[PAST EVENT] Aaron Koehl - Dissertation Defense - Computer Science

April 8, 2015
1pm - 2:45pm
Web services have continually improved since their inception in the early 1990's. Evolving from a simple protocol used to fetch linked static resources from a web server, contemporary web interactions rely upon dynamic capabilities in nearly every request. Database-backed, templated, programmatic execution technologies are collectively referred to as Web 2.0, and are employed by all of the top 50 heaviest websites on the Internet.

While static web technologies have reached a level of stability with regard to optimizations in server performance, dynamic web sites offer much greater degrees of both variability and complexity, and as a result, there are many competing opportunities for optimizing their complex interactions. We identify traditional web clients as active consumers of content originating from desktop machines, powered by commodity web browsers. In this dissertation, we explore scalability and performance implications of supporting non-traditional web clients. Non-traditional web clients include active content consumers from mobile devices, as well as passive content consumers such as search engines.

To address the burgeoning demand on servers placed by non-traditional clients, we present three middleware approaches. For active consumers, we address support for mobile devices, and present m.Site, a resource-efficient framework for content adaptation on mobile devices. For passive consumers, we study the behavior and impact of supporting search engine crawlers, identify optimizations for this class of request, and propose a middleware approach to mitigate what we term search engine overload. For both active and passive consumers, we study a technique for optimizing the image server with fidelity reduction using select psychovisual enhancements.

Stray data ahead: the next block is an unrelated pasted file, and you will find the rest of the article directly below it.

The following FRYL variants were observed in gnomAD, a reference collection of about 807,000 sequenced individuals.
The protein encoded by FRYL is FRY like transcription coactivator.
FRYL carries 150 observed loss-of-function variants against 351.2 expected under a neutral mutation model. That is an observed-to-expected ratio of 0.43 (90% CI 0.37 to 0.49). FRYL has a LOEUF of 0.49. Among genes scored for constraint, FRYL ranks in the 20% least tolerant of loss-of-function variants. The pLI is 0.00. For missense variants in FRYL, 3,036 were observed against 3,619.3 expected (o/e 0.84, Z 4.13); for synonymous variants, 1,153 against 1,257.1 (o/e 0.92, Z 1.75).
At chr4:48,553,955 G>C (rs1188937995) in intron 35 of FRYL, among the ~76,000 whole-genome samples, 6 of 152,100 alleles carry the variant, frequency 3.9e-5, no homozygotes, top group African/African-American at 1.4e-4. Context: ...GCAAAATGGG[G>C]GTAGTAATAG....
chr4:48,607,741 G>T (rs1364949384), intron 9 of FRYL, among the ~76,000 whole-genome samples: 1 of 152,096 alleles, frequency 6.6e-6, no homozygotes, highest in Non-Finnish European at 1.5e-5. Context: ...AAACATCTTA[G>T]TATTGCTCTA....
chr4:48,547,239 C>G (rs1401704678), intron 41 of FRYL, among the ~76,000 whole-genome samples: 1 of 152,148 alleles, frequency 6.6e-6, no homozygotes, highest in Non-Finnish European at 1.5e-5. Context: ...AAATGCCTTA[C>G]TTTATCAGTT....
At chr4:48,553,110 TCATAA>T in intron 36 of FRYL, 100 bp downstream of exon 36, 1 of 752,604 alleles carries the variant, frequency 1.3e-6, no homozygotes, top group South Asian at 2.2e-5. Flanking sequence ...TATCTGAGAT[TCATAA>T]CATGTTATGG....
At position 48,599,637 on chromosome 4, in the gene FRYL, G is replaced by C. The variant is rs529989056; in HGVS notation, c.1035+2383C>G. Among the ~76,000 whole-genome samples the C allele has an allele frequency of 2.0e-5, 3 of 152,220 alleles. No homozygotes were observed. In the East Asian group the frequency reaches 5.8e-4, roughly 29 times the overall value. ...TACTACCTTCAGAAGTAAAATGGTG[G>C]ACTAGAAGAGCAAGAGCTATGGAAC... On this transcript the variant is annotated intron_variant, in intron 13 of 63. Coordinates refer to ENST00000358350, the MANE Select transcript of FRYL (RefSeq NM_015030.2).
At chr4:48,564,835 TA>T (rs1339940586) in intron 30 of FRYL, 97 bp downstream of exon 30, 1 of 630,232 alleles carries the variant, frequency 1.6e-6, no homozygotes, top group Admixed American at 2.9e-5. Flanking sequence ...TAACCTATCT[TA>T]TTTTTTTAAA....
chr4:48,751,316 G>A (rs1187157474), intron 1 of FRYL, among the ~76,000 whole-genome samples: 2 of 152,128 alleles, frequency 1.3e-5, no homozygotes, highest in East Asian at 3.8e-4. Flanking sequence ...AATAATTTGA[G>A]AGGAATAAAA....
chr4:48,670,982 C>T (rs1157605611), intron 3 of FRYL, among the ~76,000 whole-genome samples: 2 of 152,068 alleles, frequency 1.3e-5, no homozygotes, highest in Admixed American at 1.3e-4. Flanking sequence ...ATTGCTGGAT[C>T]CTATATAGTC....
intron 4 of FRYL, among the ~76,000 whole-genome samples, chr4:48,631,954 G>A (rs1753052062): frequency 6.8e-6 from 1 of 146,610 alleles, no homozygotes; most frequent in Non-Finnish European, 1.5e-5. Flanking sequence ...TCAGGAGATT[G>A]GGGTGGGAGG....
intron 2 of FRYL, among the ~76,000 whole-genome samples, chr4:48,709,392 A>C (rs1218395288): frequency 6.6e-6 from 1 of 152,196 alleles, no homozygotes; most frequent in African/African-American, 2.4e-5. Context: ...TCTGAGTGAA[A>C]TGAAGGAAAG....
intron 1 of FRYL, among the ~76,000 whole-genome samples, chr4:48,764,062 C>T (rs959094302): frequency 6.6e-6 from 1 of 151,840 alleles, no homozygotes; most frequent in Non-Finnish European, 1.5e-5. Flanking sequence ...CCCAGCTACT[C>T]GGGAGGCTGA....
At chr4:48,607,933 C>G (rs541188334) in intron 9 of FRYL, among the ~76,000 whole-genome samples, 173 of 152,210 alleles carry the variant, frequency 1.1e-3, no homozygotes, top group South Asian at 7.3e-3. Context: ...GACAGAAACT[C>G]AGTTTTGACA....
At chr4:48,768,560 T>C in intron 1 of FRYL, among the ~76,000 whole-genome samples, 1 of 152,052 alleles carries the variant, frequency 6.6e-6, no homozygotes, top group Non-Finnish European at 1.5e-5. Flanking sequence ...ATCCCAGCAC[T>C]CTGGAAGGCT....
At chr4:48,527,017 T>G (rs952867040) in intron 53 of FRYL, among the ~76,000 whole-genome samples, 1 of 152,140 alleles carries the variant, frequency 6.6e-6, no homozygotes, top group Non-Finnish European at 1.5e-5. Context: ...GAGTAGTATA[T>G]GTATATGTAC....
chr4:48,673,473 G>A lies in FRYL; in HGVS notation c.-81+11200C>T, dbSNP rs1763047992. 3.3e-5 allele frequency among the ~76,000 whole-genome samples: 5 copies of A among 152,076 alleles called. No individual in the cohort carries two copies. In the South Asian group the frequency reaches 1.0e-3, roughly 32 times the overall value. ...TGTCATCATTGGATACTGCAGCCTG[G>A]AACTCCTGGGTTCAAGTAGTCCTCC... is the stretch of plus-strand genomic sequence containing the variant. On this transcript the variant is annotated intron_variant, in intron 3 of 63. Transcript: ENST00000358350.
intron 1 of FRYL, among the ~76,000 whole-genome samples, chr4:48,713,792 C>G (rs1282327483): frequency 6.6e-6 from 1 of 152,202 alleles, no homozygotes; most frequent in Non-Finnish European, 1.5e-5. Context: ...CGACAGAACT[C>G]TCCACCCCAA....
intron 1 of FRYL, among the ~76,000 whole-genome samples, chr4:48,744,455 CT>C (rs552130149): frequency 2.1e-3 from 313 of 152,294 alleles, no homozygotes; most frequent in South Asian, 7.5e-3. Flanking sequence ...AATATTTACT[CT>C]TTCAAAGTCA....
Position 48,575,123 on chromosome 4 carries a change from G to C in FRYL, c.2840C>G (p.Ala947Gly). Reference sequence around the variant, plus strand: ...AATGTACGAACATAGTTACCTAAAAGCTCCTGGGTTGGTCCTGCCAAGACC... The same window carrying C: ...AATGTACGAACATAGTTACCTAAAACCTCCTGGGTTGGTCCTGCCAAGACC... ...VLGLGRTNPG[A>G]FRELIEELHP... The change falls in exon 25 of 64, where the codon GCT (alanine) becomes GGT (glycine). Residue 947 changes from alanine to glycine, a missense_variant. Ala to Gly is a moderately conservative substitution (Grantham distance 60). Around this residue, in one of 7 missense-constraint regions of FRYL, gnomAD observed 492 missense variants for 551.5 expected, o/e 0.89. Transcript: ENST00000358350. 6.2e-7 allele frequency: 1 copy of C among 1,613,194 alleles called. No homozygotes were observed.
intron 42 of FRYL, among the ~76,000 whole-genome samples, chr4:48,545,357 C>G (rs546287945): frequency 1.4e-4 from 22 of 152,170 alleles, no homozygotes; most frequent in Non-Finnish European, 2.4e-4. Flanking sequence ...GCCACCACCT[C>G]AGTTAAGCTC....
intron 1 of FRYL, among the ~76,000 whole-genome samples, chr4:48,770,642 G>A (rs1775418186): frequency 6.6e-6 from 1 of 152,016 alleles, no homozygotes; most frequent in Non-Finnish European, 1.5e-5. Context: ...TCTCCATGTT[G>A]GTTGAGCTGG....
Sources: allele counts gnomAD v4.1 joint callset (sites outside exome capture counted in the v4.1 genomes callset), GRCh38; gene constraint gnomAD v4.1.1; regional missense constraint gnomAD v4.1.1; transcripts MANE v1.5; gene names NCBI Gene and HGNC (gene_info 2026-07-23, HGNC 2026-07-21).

Aaron Koehl is a candidate for the Ph.D. in Computer Science at the College of William & Mary. Aaron received his Master of Engineering in Systems Engineering from the University of Virginia in Charlottesville, VA, and Bachelor of Science in Computer Science from Christopher Newport University in Newport News, VA. Aaron is a full-time Instructor of Computer Science and currently serves as Program Director of Information Systems and Information Science at Christopher Newport University.